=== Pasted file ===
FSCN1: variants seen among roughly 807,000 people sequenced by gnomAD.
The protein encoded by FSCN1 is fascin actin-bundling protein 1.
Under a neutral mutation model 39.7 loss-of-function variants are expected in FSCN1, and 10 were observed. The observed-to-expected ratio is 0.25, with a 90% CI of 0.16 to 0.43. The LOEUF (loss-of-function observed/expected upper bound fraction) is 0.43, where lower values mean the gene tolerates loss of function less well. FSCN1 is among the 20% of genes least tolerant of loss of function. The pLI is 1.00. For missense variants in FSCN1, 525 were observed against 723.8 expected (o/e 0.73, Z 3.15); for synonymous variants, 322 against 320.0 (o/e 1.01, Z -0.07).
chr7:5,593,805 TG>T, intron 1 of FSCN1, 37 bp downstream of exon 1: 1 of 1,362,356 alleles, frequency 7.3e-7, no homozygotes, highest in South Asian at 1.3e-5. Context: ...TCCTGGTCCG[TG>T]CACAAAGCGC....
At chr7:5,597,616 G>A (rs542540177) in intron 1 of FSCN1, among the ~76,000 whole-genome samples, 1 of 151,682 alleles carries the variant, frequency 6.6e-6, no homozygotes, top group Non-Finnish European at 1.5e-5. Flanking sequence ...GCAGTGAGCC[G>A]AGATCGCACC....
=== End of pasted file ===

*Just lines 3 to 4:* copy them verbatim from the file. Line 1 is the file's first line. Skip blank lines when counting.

Under a neutral mutation model 39.7 loss-of-function variants are expected in FSCN1, and 10 were observed. The observed-to-expected ratio is 0.25, with a 90% CI of 0.16 to 0.43. The LOEUF (loss-of-function observed/expected upper bound fraction) is 0.43, where lower values mean the gene tolerates loss of function less well. FSCN1 is among the 20% of genes least tolerant of loss of function. The pLI is 1.00. For missense variants in FSCN1, 525 were observed against 723.8 expected (o/e 0.73, Z 3.15); for synonymous variants, 322 against 320.0 (o/e 1.01, Z -0.07).
chr7:5,593,805 TG>T, intron 1 of FSCN1, 37 bp downstream of exon 1: 1 of 1,362,356 alleles, frequency 7.3e-7, no homozygotes, highest in South Asian at 1.3e-5. Context: ...TCCTGGTCCG[TG>T]CACAAAGCGC....